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Women’s and Gender Studies (WST)


150 Introduction to Women's Studies (3) Examines how gender identity is learned and how gender and perceived gender affect sense of self, relationships, worldviews, opportunities, and choices. Takes into account the ways sexual and gender politics intersect with the politics of race, class, ethnicity, sexual orientation, nationality, and other markers of difference. Considers possibilities for understanding and changing the cultural, political and social systems that define and constrain us based on gender. F08, S09, F09, S10


201 Politics of Sexuality (3) Modern people and the politics of their ways of life. Students investigate how social practices, legal protections and moral philosophy intersect with one another to produce political action and vice versa. Designed for students who think about both the way we live and the way we make sense of how we live. Focuses on the area of sexual politics, with specific focus on the legal protections extended to gay and lesbian people by governments and municipalities throughout the United States, with particular focus on Wisconsin and Minnesota. Cross-listed as PHIL/POLS 201. S10


210 Sociology of Gender (3) Introduction to the social construction of sex and gender. Focuses on both local and international materials, with particular attention to gender inequality in contemporary societies. Cross-listed as SOCI 210. F08, S09, F09, S10


229 Literature by Women (3) Survey of British and American women's literature from the Middle Ages to the Contemporary period. Women's writing across cultures, genres, and time periods. Cross-listed as ENGL 229. S09, S10


255 Gender and Sexuality in Writing (3) Explores writing on gender and sexuality. Focuses on fiction and nonfiction by lesbian, gay, bisexual, transgender, queer, and questioning (LGBTQ) writers from diverse cultures, classes, races, and ethnicities. Students discover and deepen their own perspectives through writing, as well as reading. Students of all genders, gender identities, and sexual identities are welcome. Cross-listed as ENGL 255. F09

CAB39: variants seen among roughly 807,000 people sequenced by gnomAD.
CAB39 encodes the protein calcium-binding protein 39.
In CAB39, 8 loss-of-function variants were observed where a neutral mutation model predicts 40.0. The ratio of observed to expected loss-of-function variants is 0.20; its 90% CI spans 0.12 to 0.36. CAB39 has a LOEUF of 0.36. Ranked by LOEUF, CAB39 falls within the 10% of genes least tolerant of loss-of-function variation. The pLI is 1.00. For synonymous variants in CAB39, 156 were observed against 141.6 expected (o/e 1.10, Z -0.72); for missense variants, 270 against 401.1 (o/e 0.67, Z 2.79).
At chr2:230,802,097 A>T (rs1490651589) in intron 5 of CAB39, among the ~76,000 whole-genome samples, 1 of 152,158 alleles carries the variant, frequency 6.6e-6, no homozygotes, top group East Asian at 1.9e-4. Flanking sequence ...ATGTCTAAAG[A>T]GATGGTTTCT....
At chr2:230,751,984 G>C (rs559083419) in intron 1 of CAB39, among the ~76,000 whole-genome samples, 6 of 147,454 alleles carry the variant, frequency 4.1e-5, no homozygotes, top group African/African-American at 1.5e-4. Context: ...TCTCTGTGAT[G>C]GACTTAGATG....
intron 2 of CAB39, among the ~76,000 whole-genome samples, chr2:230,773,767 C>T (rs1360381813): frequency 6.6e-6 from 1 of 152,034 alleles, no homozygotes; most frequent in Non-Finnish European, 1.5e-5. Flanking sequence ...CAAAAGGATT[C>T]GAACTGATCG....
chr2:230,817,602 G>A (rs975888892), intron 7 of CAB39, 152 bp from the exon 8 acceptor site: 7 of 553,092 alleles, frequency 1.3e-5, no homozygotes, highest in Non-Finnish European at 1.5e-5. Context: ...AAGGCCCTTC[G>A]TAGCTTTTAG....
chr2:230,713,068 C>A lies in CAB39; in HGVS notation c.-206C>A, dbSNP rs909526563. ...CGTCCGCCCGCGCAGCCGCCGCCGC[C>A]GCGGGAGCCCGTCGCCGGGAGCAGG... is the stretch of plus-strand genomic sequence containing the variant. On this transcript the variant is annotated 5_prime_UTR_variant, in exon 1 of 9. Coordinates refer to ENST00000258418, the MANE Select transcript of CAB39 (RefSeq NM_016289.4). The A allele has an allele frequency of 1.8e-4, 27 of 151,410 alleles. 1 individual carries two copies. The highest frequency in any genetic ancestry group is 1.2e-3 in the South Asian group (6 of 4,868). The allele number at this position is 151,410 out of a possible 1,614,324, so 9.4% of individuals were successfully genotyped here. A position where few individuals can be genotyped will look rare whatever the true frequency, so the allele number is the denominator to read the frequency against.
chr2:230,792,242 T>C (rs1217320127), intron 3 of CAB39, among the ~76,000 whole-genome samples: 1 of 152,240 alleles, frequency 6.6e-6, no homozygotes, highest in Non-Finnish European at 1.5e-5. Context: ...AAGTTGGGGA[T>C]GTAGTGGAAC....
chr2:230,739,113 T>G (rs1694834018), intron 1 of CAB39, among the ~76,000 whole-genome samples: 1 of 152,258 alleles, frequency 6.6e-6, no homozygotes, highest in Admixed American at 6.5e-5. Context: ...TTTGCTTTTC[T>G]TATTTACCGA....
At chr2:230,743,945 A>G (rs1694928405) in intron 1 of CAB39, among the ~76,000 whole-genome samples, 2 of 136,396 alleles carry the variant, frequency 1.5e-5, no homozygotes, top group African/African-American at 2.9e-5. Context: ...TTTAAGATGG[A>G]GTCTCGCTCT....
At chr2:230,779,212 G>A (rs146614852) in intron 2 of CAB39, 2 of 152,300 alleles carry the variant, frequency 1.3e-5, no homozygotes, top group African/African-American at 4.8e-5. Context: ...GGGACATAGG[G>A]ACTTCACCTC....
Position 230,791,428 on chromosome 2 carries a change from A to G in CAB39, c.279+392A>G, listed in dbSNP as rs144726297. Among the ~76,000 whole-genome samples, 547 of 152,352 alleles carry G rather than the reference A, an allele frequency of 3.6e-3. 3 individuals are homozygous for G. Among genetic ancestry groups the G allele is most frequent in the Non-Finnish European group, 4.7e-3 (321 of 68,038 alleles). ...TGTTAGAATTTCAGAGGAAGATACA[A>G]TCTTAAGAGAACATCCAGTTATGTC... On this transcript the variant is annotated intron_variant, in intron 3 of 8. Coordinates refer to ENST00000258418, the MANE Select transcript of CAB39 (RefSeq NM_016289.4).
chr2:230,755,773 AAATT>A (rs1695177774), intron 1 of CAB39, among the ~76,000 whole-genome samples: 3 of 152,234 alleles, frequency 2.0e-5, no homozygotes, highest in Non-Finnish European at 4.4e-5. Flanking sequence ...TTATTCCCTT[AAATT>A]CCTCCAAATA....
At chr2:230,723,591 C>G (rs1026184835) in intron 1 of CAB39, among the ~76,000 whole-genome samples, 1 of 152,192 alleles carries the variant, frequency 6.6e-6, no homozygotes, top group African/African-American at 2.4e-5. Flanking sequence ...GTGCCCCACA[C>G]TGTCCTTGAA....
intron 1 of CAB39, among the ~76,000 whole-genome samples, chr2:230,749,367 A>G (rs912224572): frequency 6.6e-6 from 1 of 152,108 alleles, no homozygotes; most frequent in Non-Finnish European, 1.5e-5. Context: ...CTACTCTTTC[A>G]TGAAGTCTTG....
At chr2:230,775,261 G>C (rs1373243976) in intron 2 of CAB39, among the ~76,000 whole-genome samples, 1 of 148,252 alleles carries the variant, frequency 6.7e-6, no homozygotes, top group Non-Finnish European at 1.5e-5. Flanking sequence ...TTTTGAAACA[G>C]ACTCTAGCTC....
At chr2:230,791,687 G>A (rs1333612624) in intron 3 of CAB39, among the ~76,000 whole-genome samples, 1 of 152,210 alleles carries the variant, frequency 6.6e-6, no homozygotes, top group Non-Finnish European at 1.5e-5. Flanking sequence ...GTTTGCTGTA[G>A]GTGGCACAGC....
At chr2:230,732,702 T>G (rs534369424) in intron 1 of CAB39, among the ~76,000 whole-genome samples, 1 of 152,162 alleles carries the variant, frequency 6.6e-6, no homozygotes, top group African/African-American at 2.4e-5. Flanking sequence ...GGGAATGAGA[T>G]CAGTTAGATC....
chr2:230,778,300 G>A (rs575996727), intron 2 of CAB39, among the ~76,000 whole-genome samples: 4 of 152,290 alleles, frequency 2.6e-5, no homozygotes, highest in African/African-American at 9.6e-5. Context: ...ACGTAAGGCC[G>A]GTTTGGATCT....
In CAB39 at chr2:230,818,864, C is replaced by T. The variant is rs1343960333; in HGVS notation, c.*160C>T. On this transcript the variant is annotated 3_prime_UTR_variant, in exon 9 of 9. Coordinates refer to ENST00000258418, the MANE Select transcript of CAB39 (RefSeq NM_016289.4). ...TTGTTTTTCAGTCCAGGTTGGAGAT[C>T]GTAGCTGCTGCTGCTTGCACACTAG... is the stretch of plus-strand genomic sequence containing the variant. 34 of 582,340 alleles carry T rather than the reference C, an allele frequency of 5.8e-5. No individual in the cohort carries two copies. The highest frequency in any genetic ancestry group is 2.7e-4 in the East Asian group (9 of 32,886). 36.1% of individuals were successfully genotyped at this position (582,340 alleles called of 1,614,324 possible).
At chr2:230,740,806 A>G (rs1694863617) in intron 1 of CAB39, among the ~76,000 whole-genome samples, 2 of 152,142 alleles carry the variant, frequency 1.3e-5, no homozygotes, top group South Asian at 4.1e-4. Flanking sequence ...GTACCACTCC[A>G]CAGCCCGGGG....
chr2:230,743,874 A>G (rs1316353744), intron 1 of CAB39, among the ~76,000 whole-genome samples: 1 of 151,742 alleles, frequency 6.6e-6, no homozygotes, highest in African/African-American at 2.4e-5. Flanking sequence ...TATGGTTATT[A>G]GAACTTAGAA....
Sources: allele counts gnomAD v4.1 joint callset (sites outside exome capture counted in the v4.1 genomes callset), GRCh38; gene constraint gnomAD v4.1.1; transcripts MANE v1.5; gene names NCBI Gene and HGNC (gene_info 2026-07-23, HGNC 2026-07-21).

258 Introduction to Psychology of Women (3) Discussion and study of development of women’s roles and personality across the lifespan. Topics include the social construction of sex and gender differences, images of women, status and power, childhood and adolescence, womanhood, love and romance, commitments and relationships, mothering, work and achievement, midlife and beyond, and violence against women. Meets a requirement for the Women’s Studies minor and General Education diversity credit. Cross-listed as PSYC 258. S08, F08, S09, F09, S10


301 Study Abroad (0-6) Field trips designed by the faculty to give students direct experiences in foreign countries. Each program includes preparatory reading, orientation meetings, a faculty-supervised study tour, and a detailed written evaluation of learning situations associated with the course. With consent of the relevant program and content adaptation, programs provided by other agencies can be considered for this credit. Students must obtain approval for taking these courses prior to participation. Otherwise the course may not count. Also, for specific degree requirements, please consult your advisor. Course can be repeated only if content is different.


312 Gender, Crime and Justice (3) Exploration of the social construction of gender in crime and delinquency as well as in justice systems; analysis of how assumptions about female and male natures, appropriate roles and positions in society affect the interpretation and application of law; comparison of women/girls and men/boys as offenders, victims and practitioners. Cross-listed as CJUS /LSTU 312. F08, F09


315 Voices of Hispanic Women (3) Course taught in English focusing on the lives and experiences of Hispanic women writers and artists from Latin America and the United States. Examines the present status of women as they leave the traditional setting of home and emerge into the public sphere of influence and power. Studies the effects of poverty, war, and revolution on women and their families as well as the impact of immigration on identity and self. Cross-listed as SPAN 315. Students registering under SPAN 315 will be required to write all papers and examinations in Spanish.


322 Women and Men in American Society (3) Evolution of gender roles in the United States from colonial times to present. Explores the changing roles of men and women in American society and investigates social, economic, and political factors that produce these changes. Cross-listed as HIST 322. Code 1. G. F09